2. The HTML is being displayed in the default style.
  3. The form's 'Close' button is themed while the 'View article' button displayed by the browser control is not.
  4. Despite setting the PopupMenu property, the standard browser's context menu is still displayed.
  5. Although it can't be seen here, you could select the text in the HTML document.

Let us now adapt the program to correct all these problems.

Stage 2

We will now utilize the classes we have developed in this article. To begin with add the units containing IDocHOstUIHandler, TNulWBContainer and TWBContainer to the project and refer to them in the main form's uses clause. Also add the ActiveX and SysUtils units to the uses clause.

It's now time to set up and use the container object. Switch to the form unit we developed in Stage 1 and add a field named fWBContainer of type TWBContainer to the form's class declaration. Now rewrite the form's OnCreate event handler as shown in Listing 21.

procedure TForm1.FormCreate(Sender: TObject);
  // Template for default CSS style
  cCSSTplt = 'body {'#13#10
    + '    background-color: %0:s;'#13#10
    + '    color: %1:s;'#13#10
    + '    font-family: "%2:s";'#13#10
    + '    font-size: %3:dpt;'#13#10
    + '    margin: 4px;'#13#10
    + '}'#13#10
    + 'h1 {'#13#10
    + '    font-size: %3:dpt;'#13#10
    + '    font-weight: bold;'#13#10
    + '    text-align: center;'#13#10
    + '}'#13#10
    + 'input#button {'#13#10
    + '    color: %1:s;'#13#10
    + '    font-family: "%2:s";'#13#10
    + '    font-size: %3:dpt;'#13#10
    + '}'#13#10
    + '.ruled {'#13#10
    + '    border-bottom: %4:s solid 2px;'#13#10
    + '    padding-bottom: 6px;'#13#10
    + '}';
  FmtCSS: string;  // Stores default CSS
  // Create the CSS from system colours
  FmtCSS := Format(
    [ColorToHTML(Self.Color), ColorToHTML(Self.Font.Color),
    Self.Font.Name, Self.Font.Size,
  // Create web browser container and set required properties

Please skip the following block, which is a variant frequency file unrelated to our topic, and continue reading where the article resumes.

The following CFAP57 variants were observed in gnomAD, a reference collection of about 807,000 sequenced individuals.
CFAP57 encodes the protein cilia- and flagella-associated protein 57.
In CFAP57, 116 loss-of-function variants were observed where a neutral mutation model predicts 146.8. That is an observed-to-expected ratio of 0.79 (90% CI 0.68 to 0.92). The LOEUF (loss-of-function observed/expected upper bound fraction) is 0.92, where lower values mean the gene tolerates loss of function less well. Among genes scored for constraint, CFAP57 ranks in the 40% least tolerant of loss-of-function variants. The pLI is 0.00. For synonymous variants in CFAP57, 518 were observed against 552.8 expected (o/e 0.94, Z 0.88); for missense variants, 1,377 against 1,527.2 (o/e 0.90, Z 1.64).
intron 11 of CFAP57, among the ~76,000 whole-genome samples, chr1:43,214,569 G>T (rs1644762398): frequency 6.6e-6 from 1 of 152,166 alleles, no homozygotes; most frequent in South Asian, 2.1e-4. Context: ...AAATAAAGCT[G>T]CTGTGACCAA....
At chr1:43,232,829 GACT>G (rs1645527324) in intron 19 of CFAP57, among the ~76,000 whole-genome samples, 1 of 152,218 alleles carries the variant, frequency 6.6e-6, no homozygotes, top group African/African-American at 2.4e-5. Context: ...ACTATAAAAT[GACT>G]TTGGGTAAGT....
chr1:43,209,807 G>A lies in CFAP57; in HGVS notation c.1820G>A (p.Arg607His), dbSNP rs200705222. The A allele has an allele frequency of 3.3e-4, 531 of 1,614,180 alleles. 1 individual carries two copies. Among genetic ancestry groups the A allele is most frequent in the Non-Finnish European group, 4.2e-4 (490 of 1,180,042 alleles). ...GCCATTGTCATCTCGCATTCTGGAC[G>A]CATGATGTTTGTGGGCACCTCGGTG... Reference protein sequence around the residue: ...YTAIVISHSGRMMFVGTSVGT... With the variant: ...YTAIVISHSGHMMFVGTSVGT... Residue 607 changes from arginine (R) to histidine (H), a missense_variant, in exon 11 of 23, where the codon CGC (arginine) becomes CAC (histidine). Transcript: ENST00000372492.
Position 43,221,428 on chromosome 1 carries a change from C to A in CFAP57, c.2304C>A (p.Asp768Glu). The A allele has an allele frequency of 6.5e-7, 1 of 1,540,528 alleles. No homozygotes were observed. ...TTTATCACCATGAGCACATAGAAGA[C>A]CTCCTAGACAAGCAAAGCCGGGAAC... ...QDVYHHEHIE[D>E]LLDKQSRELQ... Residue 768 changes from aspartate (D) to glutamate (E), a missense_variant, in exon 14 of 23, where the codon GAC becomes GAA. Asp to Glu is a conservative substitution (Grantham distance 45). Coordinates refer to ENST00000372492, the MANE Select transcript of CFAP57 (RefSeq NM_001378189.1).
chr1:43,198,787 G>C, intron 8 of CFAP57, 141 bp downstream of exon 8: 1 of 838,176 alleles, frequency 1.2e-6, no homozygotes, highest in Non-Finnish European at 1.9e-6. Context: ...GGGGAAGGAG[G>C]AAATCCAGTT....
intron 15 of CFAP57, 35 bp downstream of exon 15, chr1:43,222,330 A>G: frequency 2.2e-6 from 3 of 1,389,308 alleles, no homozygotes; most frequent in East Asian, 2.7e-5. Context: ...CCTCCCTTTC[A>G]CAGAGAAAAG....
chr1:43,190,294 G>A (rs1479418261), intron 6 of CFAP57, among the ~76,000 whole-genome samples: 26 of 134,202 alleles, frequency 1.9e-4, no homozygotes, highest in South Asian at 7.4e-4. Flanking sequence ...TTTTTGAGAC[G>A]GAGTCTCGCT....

fWBContainer := TWBContainer.Create(WebBrowser1);
  fWBContainer.UseCustomCtxMenu := True;    // use our popup menu
  fWBContainer.Show3DBorder := False;       // no border
  fWBContainer.ShowScrollBars := False;     // no scroll bars
  fWBContainer.AllowTextSelection := False; // no text selection
  fWBContainer.CSS := FmtCSS;               // CSS to be used
  // load content
    ExtractFilePath(ParamStr(0)) + 'DlgContent.html'

Key points to note in this method are:

A couple more things remain to be done. The first is to handle the form's OnDestroy event to free the container object, as shown in Listing 23.

procedure TForm1.FormDestroy(Sender: TObject);
  fWBContainer.Free;  // free the container pbject

Finally we need to handle the OnClick event of our single context menu item. All we do here is display the default CSS in a message box, as Listing 24 illustrates.

procedure TForm1.ShowtheCSS1Click(Sender: TObject);
  ShowMessage(fWBContainer.CSS);  // display the CSS code

The moment of truth arrives. Let's run the revised application and see if it all works. Here's what we see on Windows XP with themes enabled:

Picture of demo program

Notice that:

Just to show that the browser control correctly adopts the current dialog box style, here is the same application running unchanged in on Windows XP using its classic style with the Spruce colour scheme:

Picture of demo program

All the code has now been completed. In the final section we will wrap up the article and provide a download containing all the source code for the sample application.